Mozilla has said that website plugins are now a legacy technology (they are not available on most mobile devices after all) and the organisation is now encouraging website developers to avoid using plugins wherever possible.
Engineering manager for stability and plugins Benjamin Smedberg has used the Mozilla blog to explain that Firefox developers are changing the way plugins work.
“Firefox will no longer activate most plugins by default — when a site tries to use a plugin, the user will be able to choose whether to enable the plugin on that site,” he said.
NOTE: Website plugins are components of 3rd-party software loaded into the browser to assist in rendering the web or to perform extended functions (such as language pack extensions).
Hangs, crashes & security incidents
Mozilla warns that even though many users are not even aware of plugins, they are a significant source of hangs, crashes, and security incidents.
Smedberg claims that by allowing users to decide which sites need to use plugins, Firefox will help protect them and keep their browser running more smoothly.
NOTE: The one plugin not affected by this change is Flash, which will remain enabled by default. Flash content is so common on the web, and many websites use “hidden” Flash instances that the user does not see and cannot click on.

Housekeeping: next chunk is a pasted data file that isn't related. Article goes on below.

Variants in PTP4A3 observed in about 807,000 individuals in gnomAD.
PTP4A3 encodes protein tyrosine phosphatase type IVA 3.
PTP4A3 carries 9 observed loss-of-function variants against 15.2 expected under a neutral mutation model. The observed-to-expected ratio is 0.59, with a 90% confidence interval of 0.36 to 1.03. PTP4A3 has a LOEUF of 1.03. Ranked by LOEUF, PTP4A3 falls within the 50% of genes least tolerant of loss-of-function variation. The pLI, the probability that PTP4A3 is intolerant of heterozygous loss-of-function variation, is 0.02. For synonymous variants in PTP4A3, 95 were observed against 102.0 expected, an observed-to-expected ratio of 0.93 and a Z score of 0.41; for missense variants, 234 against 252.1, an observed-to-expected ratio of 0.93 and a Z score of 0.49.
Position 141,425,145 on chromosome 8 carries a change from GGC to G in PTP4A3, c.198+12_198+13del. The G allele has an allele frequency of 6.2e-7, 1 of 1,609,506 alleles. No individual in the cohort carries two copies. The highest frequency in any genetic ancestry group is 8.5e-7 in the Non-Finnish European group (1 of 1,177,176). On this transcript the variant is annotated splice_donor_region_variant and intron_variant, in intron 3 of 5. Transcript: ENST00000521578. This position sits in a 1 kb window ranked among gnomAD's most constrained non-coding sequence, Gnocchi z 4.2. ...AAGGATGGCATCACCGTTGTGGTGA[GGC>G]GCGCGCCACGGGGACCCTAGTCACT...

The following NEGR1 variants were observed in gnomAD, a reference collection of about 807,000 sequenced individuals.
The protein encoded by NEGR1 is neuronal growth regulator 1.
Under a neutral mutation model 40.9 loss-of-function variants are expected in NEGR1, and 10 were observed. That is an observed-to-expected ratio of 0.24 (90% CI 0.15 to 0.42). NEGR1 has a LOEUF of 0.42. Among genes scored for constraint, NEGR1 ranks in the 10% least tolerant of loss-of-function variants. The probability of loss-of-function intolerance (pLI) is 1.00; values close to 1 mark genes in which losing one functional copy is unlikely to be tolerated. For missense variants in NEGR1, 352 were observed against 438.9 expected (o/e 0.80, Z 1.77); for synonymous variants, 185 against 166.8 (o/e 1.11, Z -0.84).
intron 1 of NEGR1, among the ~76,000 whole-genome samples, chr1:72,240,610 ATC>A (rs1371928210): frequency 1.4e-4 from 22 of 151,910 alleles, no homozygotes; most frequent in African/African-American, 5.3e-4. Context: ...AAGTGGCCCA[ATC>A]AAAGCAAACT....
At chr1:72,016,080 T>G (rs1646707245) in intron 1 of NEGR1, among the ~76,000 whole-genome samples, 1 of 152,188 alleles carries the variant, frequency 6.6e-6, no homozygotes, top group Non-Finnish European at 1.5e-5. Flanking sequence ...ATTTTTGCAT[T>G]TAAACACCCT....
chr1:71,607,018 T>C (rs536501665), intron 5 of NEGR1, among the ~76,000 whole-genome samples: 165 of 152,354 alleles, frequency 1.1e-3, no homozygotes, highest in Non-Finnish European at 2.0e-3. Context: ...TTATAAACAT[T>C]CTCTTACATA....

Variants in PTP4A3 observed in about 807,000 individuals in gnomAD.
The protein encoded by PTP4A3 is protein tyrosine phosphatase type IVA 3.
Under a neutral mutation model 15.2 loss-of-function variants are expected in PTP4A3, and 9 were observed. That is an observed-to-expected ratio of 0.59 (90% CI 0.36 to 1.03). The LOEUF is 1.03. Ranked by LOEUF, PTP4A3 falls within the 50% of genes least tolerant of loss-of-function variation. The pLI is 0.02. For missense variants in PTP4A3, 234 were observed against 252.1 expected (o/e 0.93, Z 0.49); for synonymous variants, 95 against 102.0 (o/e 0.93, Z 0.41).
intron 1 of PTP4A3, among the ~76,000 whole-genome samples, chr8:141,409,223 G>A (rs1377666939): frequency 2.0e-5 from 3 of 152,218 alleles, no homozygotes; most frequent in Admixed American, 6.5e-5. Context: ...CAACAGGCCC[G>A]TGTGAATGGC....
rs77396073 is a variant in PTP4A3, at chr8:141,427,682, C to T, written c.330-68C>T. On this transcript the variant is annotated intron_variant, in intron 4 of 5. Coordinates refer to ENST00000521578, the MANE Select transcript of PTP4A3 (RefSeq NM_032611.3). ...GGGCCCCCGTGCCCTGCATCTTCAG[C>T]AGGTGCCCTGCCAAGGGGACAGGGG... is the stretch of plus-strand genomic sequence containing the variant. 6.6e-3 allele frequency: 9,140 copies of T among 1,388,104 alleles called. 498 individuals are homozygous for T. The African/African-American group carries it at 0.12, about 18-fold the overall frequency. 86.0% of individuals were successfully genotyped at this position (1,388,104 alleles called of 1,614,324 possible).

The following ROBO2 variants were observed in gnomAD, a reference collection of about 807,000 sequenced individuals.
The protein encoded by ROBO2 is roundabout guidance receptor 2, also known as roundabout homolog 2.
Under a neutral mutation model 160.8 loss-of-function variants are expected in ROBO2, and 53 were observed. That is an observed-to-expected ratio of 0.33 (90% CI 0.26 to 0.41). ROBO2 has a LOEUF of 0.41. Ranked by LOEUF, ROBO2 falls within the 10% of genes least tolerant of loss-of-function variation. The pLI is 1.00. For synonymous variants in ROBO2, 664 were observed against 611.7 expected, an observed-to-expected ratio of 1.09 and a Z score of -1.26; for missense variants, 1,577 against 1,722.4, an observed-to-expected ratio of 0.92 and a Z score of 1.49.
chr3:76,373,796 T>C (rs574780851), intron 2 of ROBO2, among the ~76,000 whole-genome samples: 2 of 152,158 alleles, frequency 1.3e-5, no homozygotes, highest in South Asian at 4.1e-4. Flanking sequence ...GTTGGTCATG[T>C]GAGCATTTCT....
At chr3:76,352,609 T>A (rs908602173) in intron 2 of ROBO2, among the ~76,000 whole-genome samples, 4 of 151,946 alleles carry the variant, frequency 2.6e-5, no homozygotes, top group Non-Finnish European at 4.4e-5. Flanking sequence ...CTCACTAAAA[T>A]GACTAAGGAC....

Advanced users who want to activate individual instances of a plugin may still do so by installing a Firefox extension.
“Plugins used to be an important tool for prototyping and implementing new features such as video and animation. As browsers have advanced, this kind of feature development can occur directly within the browser using technologies such as WebGL, WebSockets, WebRTC, and asm.js,” said Smedberg.
Microsoft Internet Explorer plugins, sorry — add ons
Microsoft on the other hand likes to refer to plugins as “web browser add-ons” and currently says that these technologies exist to supplement Windows Internet Explorer 9 with extra features, such as toolbars and ActiveX controls.
According to Microsoft, “Several add-ons are preinstalled in Internet Explorer, but many come from the Internet. Add-ons usually require that you give your permission before they’re installed on your computer. However, some might be installed without your knowledge. This can happen if the add-on was part of another program that you installed.”